Thinking back on the event I can’t quite figure out why it was so affecting. Anyone who has tuned into my Friday streams has seen me violently murder entire populations of creatures in Monster Hunter while not thinking much of it. Further, even Va-11 Hall-A, a rare game that I actually connected with on an emotional level, never quite brought me to the point of tears during its saddest moments. Maybe it was just the sum total of the terrified screams, the child crying, and being forced to do it against my wishes that caused me to finally break down.

One thing I do know is that I don’t want to experience that ever again.

I don’t normally end articles off with questions, but was there ever a time that a game made you cry? Was your experience as miserable as mine? Let me know in the comments below, or write a full length blog post and tag me so I can come read your response.

20 thoughts on “It Takes Two to Break Me

  1. When Kat and I played it, she had to put the controller down and just sob for a while. It is a heart breaking scene since both players have to do it and their is no way around it. No one wants to see a child suffer and the fact that you are responsible for it just makes it worse.

    But yeah, fuck those two. Divorce is too good for them after that point.

    Liked by 3 people

  2. I don’t cry often in games so similar to your comment about movies, the moments really stick out. I cried at the end of Okami, which has a really touching story about spirituality and I finished it at a time when my own spiritual journey was real weird. And while I never quite full-on cried during Spiritfarer, I teared up constantly and then cried when I sat down and wrote out my thoughts on the game’s themes.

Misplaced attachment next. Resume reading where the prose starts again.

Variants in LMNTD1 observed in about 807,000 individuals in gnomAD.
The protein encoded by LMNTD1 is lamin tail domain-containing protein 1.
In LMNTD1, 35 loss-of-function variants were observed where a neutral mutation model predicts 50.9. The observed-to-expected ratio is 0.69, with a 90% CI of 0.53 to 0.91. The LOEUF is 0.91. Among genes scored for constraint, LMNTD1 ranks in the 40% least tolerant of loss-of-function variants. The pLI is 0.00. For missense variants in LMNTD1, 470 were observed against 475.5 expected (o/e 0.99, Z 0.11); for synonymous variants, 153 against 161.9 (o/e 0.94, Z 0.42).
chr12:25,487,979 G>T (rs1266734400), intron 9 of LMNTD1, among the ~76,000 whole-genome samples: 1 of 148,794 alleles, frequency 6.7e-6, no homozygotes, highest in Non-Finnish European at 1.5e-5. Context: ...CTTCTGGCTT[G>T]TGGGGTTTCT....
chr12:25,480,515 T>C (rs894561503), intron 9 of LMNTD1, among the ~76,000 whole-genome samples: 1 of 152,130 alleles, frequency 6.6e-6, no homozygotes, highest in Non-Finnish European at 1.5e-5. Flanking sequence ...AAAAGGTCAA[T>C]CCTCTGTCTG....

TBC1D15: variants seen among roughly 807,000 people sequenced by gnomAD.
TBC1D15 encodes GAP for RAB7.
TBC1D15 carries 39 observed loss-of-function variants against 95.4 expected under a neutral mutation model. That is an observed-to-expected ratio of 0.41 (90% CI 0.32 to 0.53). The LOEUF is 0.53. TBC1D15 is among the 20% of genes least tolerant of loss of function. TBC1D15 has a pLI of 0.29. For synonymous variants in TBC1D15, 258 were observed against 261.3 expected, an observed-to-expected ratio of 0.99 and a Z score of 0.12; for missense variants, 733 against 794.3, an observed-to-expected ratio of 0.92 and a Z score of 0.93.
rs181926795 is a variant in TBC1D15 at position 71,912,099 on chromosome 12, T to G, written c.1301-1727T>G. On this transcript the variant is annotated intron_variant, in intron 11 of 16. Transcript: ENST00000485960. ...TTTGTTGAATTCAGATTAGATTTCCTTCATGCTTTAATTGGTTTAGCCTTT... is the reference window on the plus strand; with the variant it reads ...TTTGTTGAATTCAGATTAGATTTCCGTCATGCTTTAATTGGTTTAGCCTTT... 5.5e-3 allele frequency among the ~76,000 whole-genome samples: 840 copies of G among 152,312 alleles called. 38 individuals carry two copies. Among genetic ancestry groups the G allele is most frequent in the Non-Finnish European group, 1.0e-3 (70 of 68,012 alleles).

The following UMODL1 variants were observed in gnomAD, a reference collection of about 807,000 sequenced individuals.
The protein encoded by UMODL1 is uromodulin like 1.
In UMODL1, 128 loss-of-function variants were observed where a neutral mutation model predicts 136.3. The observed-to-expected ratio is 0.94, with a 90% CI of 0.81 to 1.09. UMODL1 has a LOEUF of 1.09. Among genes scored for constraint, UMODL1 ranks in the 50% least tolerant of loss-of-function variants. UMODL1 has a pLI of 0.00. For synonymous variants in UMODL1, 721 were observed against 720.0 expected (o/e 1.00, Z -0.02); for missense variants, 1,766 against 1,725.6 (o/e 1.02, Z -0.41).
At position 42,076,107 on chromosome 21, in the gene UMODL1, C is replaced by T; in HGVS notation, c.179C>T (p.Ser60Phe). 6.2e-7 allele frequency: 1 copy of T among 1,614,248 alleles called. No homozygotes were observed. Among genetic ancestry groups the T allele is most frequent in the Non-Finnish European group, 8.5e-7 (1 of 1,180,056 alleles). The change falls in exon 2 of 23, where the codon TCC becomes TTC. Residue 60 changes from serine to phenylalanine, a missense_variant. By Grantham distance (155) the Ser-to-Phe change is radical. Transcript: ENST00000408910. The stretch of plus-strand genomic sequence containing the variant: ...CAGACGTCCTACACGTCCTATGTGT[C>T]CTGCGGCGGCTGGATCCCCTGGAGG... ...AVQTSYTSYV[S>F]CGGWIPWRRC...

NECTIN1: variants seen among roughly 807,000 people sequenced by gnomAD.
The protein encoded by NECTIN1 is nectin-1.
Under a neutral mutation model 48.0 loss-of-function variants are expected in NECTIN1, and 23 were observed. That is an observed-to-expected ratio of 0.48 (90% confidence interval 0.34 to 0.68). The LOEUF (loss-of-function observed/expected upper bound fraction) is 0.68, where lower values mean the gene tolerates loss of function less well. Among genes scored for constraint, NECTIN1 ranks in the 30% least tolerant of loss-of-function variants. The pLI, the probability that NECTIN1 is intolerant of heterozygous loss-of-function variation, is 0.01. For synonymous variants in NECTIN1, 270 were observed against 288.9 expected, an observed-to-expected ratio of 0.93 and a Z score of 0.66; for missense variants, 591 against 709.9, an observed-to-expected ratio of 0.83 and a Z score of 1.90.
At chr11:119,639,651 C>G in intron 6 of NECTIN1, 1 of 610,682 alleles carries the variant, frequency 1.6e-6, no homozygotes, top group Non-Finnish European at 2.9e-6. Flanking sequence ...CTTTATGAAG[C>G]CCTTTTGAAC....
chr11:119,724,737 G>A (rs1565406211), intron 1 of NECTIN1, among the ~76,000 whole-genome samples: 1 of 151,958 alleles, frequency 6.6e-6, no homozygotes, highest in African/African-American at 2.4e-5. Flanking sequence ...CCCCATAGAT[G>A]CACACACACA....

As for It Takes Two, this moment was horrific and this poor girl absolutely deserves better parents. But kudos for the devs for making this scene hit as hard as it does!

    Liked by 1 person

      1. I guess it was actually taking a moment to reflect on the themes of the game without the gameplay as a distraction, if that makes sense. Like yes during the departure of a spirit, there was sad dialogue and beautiful music that stirred my soul, but I was also thinking about what I needed to do next with the rare item I was about to get and whether that would unlock any new islands, etc. Writing about it was an opportunity to really dwell on the themes, how they applied to my life specifically, and to sit in that instead of just moving on to the next in-game task.

        Liked by 1 person

  3. And that, my friends, is taking full advantage of video games’ interactivity. Well done, devs!

    I could go on about that topic for a while in a big-ass comment, but I won’t. But I could…

    Liked by 2 people

  4. Wow, yeah, that’s not for me. Sounds extremely effective though. I can respect that kind of creativity in storytelling and all that, especially when it uses those aspects that are unique to games.

    I don’t remember a time I’ve ever broken down crying at a game or at any piece of art. I’m not much of a crier in general, though this probably says more about how bottled up I am than anything else. I have gotten misty at a few games, though, like one old VN that involves a reunion between a mother and her kids after many hours of insane time-traveling science fiction weirdness. Also the projection scene in Planetarian. I didn’t have that reaction to Va-11 Hall-A either, but I can see how someone easily would.

    Liked by 1 person

    1. Fair enough.

      Honestly there are times where I’ve had similar thoughts to those that you expressed, but more recently that seems to have changed. Mir might be softening me up a bit.

      Liked by 1 person